Friday, June 5, 2009

Still confused about whole grains?

A recent news article from ScienceDaily caught my eye today. It reports than many school food service workers are confused about how to identify whole grains and also lack the resources for obtaining whole grain products to serve to school children. I think that this is also true of your average American, since as a rule, Americans are still not getting as many servings of whole grains in a day as they should.

As you may know, the 2005 Dietary Guidelines encourage us to "make half of our grains whole". In other words, half of the bread or grain servings a child is eating in a day should be whole grains. Unfortunately, we know that the average American child only gets about one serving of whole grains in a day. This is unfortunate because they are missing out in vitamins, minerals, antioxidants, phytochemicals, and fiber found in whole grains.

Do you know how to identify whole grains in the store to serve to the children in your care?
There are a couple of easy steps that you can follow to make sure you are buying nutritious whole grains for your kids. First of all, when food shopping, you can look for the whole grain "stamp". This stamp was developed by the Whole Grains Council, and products that have the stamp on their label must contain at least 8 grams of whole grains per serving (equal 1/2 of 1 of your whole grain servings for the day). So, eating 6 servings of one of these products would equal 3 total servings of whole grain. There are also variations of the stamp (such as the picture below on the right) that indicate a product contains more than 8 grams per serving and that will be indicated on the stamp. Keep in mind that food manufacturers must pay to have this stamp placed on their product. Products that don't have the stamp can still be whole grain.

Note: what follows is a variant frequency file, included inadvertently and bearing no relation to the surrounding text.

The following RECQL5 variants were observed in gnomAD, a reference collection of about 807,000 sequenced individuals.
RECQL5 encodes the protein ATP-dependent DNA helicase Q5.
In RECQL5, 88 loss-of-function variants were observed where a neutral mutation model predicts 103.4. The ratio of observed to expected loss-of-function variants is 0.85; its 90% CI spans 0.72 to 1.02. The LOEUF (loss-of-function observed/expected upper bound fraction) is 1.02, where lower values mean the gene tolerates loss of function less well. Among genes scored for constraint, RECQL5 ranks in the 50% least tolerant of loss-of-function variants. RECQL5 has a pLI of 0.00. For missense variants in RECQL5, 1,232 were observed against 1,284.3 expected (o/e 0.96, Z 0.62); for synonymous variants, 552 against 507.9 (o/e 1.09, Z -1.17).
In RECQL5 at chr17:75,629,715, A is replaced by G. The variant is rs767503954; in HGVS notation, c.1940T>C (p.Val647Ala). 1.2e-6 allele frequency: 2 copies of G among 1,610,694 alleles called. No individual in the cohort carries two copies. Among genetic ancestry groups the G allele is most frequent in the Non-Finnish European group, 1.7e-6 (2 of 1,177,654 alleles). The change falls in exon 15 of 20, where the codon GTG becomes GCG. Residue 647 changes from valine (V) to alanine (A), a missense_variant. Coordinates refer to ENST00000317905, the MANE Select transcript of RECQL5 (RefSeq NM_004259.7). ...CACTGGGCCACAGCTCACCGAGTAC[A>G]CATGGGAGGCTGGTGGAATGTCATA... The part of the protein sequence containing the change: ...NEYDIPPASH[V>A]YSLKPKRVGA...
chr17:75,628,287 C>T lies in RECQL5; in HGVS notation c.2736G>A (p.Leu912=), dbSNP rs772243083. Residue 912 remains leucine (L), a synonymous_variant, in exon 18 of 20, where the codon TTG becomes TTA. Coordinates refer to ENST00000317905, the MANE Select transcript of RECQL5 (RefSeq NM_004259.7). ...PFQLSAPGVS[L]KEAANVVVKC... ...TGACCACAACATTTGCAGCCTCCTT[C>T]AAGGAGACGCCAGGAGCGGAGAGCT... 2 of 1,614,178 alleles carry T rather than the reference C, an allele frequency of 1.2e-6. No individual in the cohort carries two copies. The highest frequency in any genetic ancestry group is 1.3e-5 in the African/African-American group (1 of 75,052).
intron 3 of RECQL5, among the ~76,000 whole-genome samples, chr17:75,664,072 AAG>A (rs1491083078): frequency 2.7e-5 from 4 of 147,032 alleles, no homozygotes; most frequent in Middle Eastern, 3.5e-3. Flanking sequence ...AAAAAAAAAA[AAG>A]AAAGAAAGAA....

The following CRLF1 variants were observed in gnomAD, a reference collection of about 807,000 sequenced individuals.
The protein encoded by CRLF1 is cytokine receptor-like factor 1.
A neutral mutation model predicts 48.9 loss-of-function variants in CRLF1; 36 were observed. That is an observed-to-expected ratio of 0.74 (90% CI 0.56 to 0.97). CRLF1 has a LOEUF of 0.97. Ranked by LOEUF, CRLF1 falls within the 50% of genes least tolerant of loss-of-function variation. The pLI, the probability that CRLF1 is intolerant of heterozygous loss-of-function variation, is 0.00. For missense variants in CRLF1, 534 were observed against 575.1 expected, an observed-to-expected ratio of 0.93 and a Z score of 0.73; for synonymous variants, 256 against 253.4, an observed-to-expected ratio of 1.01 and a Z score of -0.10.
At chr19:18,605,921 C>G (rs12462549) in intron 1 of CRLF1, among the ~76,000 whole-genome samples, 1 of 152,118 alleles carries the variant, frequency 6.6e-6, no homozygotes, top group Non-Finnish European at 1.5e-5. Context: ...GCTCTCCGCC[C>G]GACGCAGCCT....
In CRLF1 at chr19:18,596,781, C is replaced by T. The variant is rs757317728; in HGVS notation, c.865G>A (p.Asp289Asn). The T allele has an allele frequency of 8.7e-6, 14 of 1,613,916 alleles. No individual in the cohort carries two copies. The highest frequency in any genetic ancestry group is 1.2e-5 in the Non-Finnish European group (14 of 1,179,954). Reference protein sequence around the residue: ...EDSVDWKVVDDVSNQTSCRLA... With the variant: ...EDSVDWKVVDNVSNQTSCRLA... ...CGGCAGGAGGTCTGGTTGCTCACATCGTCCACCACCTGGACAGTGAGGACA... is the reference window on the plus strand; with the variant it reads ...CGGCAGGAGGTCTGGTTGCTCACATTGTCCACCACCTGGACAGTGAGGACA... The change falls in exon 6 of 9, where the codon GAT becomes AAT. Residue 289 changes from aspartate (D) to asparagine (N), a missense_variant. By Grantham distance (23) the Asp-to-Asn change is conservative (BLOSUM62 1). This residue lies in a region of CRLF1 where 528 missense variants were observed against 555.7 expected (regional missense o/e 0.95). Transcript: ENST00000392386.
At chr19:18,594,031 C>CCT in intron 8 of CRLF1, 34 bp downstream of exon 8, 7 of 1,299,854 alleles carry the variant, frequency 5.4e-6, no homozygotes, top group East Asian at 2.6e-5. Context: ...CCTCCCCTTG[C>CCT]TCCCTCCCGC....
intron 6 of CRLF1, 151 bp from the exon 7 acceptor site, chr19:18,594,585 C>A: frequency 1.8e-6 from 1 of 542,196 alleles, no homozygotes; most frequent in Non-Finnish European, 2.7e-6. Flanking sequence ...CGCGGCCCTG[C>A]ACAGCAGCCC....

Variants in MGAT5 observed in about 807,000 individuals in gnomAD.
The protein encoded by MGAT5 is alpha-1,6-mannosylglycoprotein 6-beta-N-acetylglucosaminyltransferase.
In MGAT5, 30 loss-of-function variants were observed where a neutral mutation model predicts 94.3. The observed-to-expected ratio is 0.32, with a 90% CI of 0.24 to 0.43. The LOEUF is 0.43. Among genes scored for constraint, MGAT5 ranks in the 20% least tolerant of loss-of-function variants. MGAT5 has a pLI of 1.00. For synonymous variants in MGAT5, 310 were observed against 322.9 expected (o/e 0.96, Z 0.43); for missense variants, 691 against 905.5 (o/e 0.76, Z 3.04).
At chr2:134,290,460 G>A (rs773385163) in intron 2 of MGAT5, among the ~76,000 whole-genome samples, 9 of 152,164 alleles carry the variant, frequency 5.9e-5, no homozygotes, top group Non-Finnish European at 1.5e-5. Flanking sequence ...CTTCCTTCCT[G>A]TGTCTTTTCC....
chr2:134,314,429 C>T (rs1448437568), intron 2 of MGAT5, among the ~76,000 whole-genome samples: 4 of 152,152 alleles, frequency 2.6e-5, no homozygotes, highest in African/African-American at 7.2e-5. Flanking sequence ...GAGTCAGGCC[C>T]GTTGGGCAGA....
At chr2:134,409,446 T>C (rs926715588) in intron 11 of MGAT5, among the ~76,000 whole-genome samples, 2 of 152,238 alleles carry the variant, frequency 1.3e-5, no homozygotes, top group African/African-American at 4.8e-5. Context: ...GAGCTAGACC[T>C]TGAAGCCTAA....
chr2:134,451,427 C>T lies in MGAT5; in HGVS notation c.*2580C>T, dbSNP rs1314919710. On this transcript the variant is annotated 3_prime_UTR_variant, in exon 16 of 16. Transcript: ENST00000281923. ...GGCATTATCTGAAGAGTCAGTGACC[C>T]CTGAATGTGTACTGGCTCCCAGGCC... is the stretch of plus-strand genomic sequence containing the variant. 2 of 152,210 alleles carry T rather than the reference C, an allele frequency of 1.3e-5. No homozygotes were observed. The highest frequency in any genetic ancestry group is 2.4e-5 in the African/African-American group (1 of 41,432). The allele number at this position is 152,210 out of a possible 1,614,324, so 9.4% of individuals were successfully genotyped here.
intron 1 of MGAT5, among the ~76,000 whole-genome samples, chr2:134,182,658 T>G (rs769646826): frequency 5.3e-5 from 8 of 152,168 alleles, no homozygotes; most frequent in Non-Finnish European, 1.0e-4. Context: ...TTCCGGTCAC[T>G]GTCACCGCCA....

No stamp? The next best way to determine if a product contains whole grains is to check out the ingredient list. Remember, ingredients are listed with the most predominant ingredient first. So make sure that the first ingredient is a whole grain! For example, look for a bread label that has whole wheat flour as the first ingredient. "Wheat" flour is essentially white flour and is not the same thing. The word "whole" should precede the name of the grain.

Finally, consider cooking up your own whole grains. You can buy grains at the store such as quinoa, teff, amaranth, brown rice, millet, or barley and cook them (it's even cheaper to buy them in bulk at stores such as Whole Foods or Sunflower). By doing this you will know for sure you are getting the whole grain and nothing has been removed!

If you missed our whole grain workshop last year, check out the recipe section on our website ( for some of our favorite whole grain recipes.

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